Although not specified in the press release or newspaper article, it appears that a report about the first stage of Gallegos’s research was published in 2017 in the journal Photochemistry and Photobiology.
That study included 30 Mexican women with HPV infection, grade 1 CIN lesions or both. Topical 5-ALA was applied to the cervix. After four hours, the area was irradiated with light at a wavelength of 635 nanometers, repeated twice more at 48-hour intervals. Follow-up examinations included cervical cytology (microscopic examination of cells removed in a Pap smear), colposcopy (observation of the cervix with a lighted instrument after vinegar is applied to turn abnormal tissue white), histopathology (laboratory examination of tissue samples) and polymerase chain reaction tests to measure HPV viral load.
The researchers found that 12 months after treatment, 83 percent of women with HPV-associated CIN cleared HPV infection, as did 80 percent of those with HPV but no CIN. Further, 57 percent of the women showed regression of cervical lesions, though this result was not statistically significant, meaning it could have been attributable to chance. Based on these findings, the researchers concluded that 5-ALA is “effective in eliminating HPV infection associated or not with CIN I.”
According to the IPN press release, the researchers conducted another study of 29 women in Mexico City using double the concentration of 5-ALA but administered twice instead of three times. Here, HPV was eliminated in 64 percent of women with both HPV and lesions, 100 percent of women with HPV but no CIN lesions and 57 percent of those who had lesions without HPV. It’s obviously impossible to eliminate HPV that doesn’t exist, so the latter number may be intended to refer to CIN regression, in parallel with the results from the first study.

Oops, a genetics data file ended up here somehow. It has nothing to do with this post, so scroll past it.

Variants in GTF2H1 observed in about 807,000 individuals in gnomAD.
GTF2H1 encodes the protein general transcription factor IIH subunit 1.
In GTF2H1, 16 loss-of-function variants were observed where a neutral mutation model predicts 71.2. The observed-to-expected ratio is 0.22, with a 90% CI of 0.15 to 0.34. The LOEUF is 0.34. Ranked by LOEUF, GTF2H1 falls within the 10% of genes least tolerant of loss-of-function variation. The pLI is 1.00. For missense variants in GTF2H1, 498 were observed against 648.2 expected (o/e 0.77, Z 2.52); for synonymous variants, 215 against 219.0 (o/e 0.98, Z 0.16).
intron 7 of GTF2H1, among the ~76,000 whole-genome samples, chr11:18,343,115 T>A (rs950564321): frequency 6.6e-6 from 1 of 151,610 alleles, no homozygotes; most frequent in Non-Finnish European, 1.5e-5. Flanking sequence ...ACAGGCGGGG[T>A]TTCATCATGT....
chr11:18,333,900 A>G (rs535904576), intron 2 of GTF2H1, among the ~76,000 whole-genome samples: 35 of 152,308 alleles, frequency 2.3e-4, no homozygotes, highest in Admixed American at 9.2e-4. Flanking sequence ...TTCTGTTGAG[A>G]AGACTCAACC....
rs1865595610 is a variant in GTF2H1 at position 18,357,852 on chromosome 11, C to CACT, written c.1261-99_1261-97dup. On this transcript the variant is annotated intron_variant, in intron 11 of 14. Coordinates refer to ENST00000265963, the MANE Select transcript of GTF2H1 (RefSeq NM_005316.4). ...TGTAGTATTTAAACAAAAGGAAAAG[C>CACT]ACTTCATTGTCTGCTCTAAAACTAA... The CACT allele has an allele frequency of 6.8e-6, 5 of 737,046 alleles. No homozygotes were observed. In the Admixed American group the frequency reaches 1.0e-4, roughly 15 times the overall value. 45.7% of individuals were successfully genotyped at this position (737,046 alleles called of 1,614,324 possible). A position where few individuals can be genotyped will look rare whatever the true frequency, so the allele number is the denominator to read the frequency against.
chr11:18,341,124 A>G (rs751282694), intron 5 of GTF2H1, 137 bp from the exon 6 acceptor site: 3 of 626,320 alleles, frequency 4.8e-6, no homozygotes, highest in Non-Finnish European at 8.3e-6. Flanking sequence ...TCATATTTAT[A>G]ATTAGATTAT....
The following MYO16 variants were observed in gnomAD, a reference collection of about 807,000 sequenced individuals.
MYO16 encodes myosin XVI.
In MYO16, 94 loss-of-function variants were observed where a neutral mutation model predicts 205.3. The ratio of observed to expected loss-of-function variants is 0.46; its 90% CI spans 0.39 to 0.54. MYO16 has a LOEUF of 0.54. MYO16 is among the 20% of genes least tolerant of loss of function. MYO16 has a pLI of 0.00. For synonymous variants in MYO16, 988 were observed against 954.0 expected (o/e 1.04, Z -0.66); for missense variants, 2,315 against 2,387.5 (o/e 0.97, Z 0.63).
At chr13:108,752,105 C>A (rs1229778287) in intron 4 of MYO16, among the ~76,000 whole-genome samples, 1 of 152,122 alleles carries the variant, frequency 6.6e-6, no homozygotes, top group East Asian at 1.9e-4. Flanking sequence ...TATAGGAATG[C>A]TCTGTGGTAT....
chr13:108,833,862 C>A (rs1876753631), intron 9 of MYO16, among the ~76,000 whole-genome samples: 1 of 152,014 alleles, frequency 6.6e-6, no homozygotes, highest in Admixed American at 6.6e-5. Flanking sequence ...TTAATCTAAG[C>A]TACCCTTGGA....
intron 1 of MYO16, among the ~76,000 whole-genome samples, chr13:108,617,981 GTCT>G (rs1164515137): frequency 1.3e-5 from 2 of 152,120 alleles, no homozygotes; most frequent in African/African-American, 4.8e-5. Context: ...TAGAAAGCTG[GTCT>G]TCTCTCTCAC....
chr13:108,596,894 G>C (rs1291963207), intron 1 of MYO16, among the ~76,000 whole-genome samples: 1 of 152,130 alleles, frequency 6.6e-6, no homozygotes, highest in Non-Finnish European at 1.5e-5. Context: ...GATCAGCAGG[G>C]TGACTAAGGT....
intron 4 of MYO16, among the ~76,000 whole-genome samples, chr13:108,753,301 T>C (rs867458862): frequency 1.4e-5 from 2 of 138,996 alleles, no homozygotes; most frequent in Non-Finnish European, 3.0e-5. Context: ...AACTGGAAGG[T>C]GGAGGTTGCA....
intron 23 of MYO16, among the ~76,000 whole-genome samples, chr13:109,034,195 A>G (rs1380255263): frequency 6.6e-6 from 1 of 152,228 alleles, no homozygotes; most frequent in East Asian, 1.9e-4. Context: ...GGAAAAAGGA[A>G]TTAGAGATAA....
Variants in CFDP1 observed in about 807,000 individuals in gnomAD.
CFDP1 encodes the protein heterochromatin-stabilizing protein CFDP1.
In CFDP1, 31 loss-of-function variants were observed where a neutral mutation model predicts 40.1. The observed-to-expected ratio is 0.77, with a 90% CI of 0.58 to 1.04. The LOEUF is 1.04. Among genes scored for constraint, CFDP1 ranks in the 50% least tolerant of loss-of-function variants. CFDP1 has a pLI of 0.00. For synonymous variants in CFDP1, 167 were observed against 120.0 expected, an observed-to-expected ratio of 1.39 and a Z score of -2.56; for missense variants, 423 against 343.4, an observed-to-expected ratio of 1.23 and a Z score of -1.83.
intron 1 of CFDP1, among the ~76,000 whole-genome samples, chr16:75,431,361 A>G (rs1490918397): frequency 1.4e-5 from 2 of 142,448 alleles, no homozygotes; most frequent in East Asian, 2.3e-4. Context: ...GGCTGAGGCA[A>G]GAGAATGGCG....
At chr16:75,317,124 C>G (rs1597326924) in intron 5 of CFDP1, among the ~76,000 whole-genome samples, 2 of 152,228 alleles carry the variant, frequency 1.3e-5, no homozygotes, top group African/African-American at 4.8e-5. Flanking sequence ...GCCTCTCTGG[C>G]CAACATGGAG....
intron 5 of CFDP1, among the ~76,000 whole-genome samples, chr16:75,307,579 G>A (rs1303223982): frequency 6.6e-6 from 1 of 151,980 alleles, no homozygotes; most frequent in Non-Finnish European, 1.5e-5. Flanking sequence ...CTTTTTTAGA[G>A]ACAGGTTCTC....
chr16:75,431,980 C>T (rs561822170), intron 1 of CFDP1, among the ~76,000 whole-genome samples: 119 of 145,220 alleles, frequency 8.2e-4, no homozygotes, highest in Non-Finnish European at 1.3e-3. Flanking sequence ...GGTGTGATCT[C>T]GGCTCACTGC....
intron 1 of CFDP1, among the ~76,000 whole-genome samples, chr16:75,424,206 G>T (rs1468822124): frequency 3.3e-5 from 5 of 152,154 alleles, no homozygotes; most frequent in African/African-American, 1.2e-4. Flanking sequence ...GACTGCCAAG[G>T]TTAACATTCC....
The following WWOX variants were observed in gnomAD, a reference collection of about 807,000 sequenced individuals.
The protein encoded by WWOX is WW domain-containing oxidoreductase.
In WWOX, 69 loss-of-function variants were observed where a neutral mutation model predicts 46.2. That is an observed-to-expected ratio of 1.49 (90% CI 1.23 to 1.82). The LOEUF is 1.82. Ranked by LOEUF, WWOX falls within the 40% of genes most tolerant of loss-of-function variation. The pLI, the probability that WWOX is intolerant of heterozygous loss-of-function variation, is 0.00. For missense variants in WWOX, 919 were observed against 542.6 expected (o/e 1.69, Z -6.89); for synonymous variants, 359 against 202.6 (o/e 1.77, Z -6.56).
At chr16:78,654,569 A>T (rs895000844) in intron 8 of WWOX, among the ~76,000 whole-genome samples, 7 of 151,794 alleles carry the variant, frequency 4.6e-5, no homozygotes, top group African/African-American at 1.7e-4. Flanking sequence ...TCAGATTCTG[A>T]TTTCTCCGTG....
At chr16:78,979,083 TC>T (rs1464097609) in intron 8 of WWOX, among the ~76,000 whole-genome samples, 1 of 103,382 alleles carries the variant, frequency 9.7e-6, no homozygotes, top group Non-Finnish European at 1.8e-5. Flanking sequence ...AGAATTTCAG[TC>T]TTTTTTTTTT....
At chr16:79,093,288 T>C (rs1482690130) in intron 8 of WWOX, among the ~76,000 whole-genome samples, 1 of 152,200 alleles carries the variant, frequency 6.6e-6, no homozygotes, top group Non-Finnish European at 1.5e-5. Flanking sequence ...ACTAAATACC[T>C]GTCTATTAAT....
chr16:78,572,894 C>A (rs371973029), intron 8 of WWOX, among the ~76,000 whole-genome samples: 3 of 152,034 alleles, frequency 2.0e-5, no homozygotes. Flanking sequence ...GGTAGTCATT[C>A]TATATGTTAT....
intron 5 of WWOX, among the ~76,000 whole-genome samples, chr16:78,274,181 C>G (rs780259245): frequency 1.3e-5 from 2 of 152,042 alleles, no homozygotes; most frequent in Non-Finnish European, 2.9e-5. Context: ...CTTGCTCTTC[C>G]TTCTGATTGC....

Gallegos and colleagues are not the only ones to use PDT to treat HPV-associated skin abnormalities, including genital warts and precancerous lesions (see, for example, here, here and here). One study with a control group saw CIN regression in 57 percent of women treated with PDT versus 25 percent of untreated women, as early dysplasia sometimes resolves on its own.
It’s not clear how photodynamic treatment might eliminate HPV infection, which would seem to require some type of antiviral therapy. But there’s clearly something going on. Treatment that irradiates an area of precancerous tissue could eliminate any virus residing in that tissue. But beyond that, Chinese researchers recently reported that PDT appears to eliminate latent or “subclinical” HPV infection even after skin lesions are gone. And a team from Italy found that PDT may increase migration of T cells and other immune cells to the treated area.
Despite the unanswered questions raised by the recent reports, the findings from the Mexican study are good news for people with HPV-associated dysplasia. Photodynamic therapy is well tolerated and noninvasive. Using PDT instead of surgery to remove precancerous tissue could help preserve function in people with anal lesions and the ability to carry a pregnancy in women with cervical lesions.
The news also presents an opportunity to promote HPV vaccination. The new Gardasil 9 vaccine protects against several of the most common cancer-causing HPV types (16, 18, 31, 33, 45, 52 and 58) and two wart-causing types (6 and 11). It is recommended for girls and boys around age 11 or 12, before they become sexually active. However, the FDA recently approved the vaccine for women and men up to age 45, meaning people who were not vaccinated as teens or young adults may still be able to benefit.